The Story Of Henrietta Lacks And Her Family

1541 Words7 Pages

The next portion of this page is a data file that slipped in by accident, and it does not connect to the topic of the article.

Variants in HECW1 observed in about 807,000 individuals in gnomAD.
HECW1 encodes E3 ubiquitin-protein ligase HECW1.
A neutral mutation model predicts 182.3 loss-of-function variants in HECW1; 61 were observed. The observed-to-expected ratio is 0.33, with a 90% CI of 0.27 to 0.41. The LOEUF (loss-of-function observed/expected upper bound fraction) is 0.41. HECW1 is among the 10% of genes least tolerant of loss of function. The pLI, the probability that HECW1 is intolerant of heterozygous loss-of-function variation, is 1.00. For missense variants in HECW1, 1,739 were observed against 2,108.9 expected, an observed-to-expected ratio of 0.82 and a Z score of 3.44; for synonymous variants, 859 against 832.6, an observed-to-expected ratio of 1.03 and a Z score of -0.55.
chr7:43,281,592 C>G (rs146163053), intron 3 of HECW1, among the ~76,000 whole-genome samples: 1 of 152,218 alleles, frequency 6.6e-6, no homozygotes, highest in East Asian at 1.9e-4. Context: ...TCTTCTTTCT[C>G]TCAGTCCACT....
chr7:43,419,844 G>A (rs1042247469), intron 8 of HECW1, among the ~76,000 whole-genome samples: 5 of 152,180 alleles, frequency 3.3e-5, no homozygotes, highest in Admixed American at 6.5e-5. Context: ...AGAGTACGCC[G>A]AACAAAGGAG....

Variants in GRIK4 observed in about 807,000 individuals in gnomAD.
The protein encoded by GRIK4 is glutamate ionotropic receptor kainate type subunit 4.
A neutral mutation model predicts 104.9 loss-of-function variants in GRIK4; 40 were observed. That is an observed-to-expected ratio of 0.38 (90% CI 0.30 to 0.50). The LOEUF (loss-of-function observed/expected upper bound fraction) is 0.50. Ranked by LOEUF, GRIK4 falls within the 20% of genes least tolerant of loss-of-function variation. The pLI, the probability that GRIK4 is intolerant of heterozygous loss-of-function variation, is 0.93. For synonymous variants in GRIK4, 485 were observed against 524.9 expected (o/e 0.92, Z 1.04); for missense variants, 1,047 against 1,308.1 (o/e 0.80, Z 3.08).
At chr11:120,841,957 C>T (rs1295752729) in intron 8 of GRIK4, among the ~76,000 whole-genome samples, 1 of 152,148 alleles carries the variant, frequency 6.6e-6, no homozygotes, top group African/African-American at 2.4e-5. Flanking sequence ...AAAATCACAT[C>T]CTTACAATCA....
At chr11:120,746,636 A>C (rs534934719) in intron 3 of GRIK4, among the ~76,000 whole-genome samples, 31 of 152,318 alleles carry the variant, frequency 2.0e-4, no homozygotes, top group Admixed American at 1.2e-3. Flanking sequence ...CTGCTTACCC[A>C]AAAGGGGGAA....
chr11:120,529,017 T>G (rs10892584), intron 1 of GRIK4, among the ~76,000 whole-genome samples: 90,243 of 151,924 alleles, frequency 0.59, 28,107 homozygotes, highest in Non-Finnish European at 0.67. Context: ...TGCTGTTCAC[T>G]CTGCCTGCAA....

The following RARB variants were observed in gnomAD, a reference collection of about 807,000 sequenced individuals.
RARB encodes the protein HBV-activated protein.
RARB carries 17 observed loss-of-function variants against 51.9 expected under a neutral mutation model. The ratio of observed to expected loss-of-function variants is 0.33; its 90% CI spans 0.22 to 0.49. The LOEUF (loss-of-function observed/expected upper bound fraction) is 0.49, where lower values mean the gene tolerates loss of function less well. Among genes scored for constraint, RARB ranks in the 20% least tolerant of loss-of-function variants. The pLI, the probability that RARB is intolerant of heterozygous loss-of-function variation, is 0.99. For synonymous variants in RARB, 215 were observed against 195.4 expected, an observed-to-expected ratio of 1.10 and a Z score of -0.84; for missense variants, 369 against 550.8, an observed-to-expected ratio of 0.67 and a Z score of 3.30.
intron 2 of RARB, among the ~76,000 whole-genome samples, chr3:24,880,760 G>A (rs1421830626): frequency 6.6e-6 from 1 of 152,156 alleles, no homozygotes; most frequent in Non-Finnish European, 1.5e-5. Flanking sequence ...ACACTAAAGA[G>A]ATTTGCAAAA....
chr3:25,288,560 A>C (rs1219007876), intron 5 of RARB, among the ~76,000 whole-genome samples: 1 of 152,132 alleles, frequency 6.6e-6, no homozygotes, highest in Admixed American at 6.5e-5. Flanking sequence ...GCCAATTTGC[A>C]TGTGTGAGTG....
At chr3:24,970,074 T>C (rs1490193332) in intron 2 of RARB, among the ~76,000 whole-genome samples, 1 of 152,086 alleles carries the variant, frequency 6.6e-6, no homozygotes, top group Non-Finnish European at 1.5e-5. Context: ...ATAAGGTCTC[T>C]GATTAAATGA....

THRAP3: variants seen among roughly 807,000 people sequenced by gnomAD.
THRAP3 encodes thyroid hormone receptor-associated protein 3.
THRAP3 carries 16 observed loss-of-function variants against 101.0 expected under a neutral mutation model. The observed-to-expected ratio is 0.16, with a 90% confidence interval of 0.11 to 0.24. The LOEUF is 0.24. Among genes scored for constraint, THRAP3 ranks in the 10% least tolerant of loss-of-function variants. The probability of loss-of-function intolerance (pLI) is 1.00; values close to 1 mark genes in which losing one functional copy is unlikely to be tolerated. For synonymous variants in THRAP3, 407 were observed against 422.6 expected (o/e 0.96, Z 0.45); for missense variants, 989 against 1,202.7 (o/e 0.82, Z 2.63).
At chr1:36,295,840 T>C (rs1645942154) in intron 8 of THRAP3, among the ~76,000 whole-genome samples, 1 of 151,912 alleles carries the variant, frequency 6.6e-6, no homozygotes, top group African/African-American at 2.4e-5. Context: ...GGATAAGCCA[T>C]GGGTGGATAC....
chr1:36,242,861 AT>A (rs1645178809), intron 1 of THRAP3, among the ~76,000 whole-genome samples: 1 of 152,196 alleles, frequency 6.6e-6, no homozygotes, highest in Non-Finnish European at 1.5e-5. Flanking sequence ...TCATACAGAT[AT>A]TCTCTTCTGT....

The story of Henrietta Lacks and her family is one that raises many questions about ethics, consent, medical treatment, and family rights. The decisions made by the scientists and doctors surrounding HeLa research have had lasting impacts in the Lacks family. The question I have chosen to address is what change would have helped the Lacks children the most. I feel the most influential piece to the Lacks children’s suffering was being raised by Ethel. This portion of their life was filled with physical and emotional abuse that led to destructive behavior. This behavior would also play a role in the anger toward HeLa researchers and anyone else who did harm to the family or left them in the dark. Although questions about their mother, financial struggles, and marrying within the family were issues that affected the children’s genes, health, and family dynamics, the wrath of Ethel had the most lasting effect on each child. Joe ended up with furious rage that not only landed him in prison, but also kept him from getting a decent job or home. Sonny turned to drugs and violence after attempting to break free and live on his own. Deborah lived in constant fear that something bad would happen, and later in life she constantly broke out in hives from all of the worrying she did about her family. While many other factors played a role in the lives of the Lacks children, without being raised by Ethel the children may have stood a better chance at leading successful and healthy lives. The lacks children didn’t have a great start to their life after their Mother vanished from their lives. In one option to the question I chose to address, it was implied that simply knowing what exactly had happened to their mother could have impacted the Lac... ... middle of paper ... ...buse that was stowed upon the children had the greatest affect on not only their current state of mind, but also their health. The poor health of the whole family led to increased costs that they could not keep up with. It also led Joe down a dangerous path, perpetuated Deborah into a worrisome soul, and left all of the children with horrid memories of a childhood that was already filled with grief from the loss of their Mother. I feel that these long-term effects are proof that having Ethel as a caretaker was by far the most damaging. Changing this aspect of the children’s lives would have had the most positive impact on the lives of the Lacks children. It would have led to less stress, less malnutrition, less anger and worry, and fewer health costs. These improvements alone could have turned the children down a path that would have encouraged a better life. This
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